Home WORLD AMERICA As the planet suffocates, Biden tries to salvage his climate ambitions

As the planet suffocates, Biden tries to salvage his climate ambitions

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Climate change is a clear and immediate danger as well as a existential threat to our nation and the worldsaid the American president.

The health of our fellow citizens is at stakeas well as our national security and our economyhe added, visiting Massachusetts (northeast), on the site of a former very polluting coal-fired power plant, closed since 2017 and in the process of being converted to wind energy.

Since Congress is not doing what it shouldregretted the 79-year-old Democrat, who has just suffered a serious parliamentary setback on his environmental reform program, I will use my executive powers.

But he has not – at least for the moment – ​​declared climate emergency as demanded by some elected members of his party, a maneuver whose impact is not very clear, but which could grant him additional political powers.

As Joe Biden spoke, large parts of Europe were sweltering in the heat wave, and the United States was not spared: around 100 million people currently live there in areas affected by extreme heat or excessive heat.

Our children and grandchildren rely on us. It is not a joke. If we don’t limit [le réchauffement] below 1.5 degrees, we will lose everything. There will be no turning backsaid the president. We have no more excuses.

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The President intends to progress at his own pace. He has a number of prerogatives he can use to start, justified Wednesday on CNN its main adviser on the climate, Gina McCarthy. But the White House stresses that declaring this state of climate emergency remains an option.

Among the executive orders prepared by the Biden administration: additional funds to help protect regions facing extreme heat and measures to boost wind power production in the United States.

An envelope of 2.3 billion dollars

In detail, the federal agency responsible for dealing with natural disasters and other emergencies, FEMA, will commit $2.3 billion to help local communities adapt to climate change and its consequences (heat wave, drought, floods, etc.).

The federal government also wants to support less privileged households and poorer residential areas that do not have access to air conditioning, for example by helping some families to pay their electricity bills.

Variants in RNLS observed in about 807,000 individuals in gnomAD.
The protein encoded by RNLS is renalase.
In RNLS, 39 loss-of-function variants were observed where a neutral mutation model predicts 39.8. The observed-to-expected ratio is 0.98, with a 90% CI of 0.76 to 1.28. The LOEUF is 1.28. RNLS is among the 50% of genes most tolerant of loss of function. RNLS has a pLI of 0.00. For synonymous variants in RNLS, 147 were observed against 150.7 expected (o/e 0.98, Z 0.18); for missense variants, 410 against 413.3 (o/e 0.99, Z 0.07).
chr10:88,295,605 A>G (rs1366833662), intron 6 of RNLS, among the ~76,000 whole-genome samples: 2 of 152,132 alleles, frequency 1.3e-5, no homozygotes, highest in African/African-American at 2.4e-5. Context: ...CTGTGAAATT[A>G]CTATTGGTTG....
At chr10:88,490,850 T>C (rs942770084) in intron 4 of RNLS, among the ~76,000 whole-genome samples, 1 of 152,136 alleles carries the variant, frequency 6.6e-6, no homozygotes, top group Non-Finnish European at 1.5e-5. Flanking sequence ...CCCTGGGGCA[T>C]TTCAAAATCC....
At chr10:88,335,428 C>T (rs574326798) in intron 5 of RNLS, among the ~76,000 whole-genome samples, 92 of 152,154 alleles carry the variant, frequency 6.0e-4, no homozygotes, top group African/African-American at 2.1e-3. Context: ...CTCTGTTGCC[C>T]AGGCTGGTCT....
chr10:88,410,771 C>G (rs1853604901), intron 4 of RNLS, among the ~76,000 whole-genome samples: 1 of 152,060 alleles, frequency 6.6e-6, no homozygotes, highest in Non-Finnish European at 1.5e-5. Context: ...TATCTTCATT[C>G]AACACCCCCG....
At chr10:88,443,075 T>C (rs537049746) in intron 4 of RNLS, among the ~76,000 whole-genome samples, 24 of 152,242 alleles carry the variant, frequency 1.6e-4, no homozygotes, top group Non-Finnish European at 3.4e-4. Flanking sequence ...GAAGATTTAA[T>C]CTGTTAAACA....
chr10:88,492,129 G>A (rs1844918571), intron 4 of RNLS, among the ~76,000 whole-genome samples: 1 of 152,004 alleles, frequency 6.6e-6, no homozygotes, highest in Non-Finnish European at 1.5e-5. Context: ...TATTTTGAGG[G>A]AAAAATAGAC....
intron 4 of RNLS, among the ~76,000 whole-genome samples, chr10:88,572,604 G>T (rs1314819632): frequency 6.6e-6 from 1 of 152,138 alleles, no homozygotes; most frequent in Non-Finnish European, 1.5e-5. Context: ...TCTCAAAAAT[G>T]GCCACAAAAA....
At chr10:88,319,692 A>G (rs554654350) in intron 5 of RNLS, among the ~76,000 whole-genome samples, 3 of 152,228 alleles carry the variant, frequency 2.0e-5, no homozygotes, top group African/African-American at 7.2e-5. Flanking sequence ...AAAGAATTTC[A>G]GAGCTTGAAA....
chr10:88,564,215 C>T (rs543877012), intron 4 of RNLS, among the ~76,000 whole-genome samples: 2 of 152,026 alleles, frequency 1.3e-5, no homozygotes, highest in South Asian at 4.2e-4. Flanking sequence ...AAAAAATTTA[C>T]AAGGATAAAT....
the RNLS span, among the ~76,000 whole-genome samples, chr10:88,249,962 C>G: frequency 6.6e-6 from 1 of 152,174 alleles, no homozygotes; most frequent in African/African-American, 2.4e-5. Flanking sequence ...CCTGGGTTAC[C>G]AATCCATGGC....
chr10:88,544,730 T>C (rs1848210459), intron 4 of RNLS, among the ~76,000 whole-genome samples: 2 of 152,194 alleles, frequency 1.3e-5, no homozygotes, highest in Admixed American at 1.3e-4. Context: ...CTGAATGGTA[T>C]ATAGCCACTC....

Finally, the Biden administration will allow the installation in the Gulf of Mexico of wind capacity that can supply up to three million homes with electricity.

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The White House says it is determined to keep its climate commitments, in particular the reduction of greenhouse gas emissions.

Joe Biden, who returned to the Paris Climate Accord that his predecessor Donald Trump left, announced in April 2021 that the United States would cut its greenhouse gas emissions by 50-52% by by 2030, compared to 2005.

But the American president, as on the right to abortion, the regulation of firearms and many other reform projects, is once again experiencing the limits of his power in environmental matters: he does not have a majority outspoken in Congress and the judiciary is against him.

His climate agenda took a hit when Democratic Senator Joe Manchin, whose vote is crucial, said he would not support legislation aiming to shift the US economy towards clean energy sources, presumably condemning it to failure.

And Joe Biden is facing a Supreme Court that has become fiercely conservative and deeply hostile to any centralized regulation, which has just severely limited the powers of the federal state in the fight against global warming.

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